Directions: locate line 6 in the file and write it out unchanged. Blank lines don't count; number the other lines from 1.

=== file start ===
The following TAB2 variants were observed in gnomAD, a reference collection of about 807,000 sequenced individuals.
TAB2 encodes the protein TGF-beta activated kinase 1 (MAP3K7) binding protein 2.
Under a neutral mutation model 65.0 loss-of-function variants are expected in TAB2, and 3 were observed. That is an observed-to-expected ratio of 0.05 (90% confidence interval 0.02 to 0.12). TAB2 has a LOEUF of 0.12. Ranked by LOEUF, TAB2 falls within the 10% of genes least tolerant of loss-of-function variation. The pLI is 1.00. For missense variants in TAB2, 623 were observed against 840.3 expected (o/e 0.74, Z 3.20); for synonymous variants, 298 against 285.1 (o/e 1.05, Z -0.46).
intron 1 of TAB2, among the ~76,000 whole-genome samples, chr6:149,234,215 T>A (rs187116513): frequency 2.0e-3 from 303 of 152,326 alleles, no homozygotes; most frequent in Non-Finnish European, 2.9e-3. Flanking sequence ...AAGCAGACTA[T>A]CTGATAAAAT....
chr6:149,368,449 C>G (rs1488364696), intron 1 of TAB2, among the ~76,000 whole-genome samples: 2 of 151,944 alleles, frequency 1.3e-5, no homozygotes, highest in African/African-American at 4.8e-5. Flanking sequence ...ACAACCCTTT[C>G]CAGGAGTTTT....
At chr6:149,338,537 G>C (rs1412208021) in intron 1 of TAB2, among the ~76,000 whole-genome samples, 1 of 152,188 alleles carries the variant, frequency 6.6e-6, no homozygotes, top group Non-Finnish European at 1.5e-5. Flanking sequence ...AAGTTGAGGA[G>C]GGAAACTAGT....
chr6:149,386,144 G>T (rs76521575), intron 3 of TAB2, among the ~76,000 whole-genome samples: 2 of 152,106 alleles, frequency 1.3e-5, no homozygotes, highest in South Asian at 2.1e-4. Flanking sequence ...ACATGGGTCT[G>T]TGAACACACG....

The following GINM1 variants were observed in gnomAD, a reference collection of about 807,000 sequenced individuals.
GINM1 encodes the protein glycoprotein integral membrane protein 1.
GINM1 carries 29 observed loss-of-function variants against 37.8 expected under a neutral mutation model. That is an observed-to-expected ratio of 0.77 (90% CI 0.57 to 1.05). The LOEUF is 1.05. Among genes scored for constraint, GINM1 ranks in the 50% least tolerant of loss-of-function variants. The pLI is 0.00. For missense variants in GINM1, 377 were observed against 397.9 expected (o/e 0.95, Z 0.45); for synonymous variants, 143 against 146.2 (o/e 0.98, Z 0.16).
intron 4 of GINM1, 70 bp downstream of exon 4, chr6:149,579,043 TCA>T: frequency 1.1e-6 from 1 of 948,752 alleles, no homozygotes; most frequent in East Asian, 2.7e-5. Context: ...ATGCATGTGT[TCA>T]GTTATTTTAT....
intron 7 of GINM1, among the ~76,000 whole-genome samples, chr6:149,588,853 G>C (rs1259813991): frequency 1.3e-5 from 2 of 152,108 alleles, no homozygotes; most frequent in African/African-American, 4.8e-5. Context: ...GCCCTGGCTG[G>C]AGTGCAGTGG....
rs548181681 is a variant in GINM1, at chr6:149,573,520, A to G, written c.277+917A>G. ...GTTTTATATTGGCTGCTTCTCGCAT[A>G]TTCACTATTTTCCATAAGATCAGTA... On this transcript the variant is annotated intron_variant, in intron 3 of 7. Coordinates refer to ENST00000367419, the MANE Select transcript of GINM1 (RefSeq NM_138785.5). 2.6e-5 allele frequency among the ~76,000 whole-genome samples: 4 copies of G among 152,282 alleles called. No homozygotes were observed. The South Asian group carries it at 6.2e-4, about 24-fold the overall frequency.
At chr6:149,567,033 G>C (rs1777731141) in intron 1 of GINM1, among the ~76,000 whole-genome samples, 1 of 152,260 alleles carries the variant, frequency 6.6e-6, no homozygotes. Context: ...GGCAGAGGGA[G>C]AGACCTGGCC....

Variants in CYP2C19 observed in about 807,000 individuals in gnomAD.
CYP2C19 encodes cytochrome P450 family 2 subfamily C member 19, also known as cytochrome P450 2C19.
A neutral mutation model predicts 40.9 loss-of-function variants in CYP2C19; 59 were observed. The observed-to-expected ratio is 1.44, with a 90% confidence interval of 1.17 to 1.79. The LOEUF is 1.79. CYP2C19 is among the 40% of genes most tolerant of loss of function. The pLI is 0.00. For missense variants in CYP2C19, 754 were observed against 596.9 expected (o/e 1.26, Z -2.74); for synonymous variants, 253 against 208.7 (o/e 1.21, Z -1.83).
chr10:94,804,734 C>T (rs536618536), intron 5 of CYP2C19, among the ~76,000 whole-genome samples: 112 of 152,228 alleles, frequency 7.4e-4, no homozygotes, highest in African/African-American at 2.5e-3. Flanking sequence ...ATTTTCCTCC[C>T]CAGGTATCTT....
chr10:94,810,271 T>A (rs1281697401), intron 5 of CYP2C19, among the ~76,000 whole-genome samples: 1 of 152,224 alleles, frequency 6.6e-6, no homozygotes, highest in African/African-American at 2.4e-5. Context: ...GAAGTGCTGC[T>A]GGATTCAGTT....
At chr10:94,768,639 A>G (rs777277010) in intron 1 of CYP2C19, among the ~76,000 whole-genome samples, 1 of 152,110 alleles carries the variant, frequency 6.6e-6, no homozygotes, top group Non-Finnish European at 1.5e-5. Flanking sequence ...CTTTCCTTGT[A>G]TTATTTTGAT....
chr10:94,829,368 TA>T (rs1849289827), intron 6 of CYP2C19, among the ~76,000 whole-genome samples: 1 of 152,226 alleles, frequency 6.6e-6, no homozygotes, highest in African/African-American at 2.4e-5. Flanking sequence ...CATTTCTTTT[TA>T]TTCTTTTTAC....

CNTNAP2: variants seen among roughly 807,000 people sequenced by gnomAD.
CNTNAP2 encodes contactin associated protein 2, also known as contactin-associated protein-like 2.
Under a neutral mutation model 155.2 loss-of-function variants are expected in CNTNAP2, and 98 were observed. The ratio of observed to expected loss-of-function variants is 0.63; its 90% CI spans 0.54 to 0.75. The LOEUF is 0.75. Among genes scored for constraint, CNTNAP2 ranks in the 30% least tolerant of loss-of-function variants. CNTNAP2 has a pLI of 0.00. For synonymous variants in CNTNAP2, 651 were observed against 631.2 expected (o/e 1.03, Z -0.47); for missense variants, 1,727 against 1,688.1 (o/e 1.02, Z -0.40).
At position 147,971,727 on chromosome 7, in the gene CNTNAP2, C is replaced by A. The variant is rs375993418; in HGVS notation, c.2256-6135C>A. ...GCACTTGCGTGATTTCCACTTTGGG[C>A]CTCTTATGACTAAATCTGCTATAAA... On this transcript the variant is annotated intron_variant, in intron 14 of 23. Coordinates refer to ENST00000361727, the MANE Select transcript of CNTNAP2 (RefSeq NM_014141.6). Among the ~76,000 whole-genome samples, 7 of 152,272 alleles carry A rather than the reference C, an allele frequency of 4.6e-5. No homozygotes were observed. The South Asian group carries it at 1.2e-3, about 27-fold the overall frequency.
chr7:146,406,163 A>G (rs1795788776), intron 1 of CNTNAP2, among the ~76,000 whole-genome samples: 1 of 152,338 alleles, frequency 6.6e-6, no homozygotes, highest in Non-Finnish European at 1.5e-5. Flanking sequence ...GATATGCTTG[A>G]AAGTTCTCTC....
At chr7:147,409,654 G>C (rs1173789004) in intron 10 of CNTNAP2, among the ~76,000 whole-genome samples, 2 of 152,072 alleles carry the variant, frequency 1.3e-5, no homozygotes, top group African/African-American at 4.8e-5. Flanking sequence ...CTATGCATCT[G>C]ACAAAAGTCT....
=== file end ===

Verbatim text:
At chr6:149,338,537 G>C (rs1412208021) in intron 1 of TAB2, among the ~76,000 whole-genome samples, 1 of 152,188 alleles carries the variant, frequency 6.6e-6, no homozygotes, top group Non-Finnish European at 1.5e-5. Flanking sequence ...AAGTTGAGGA[G>C]GGAAACTAGT....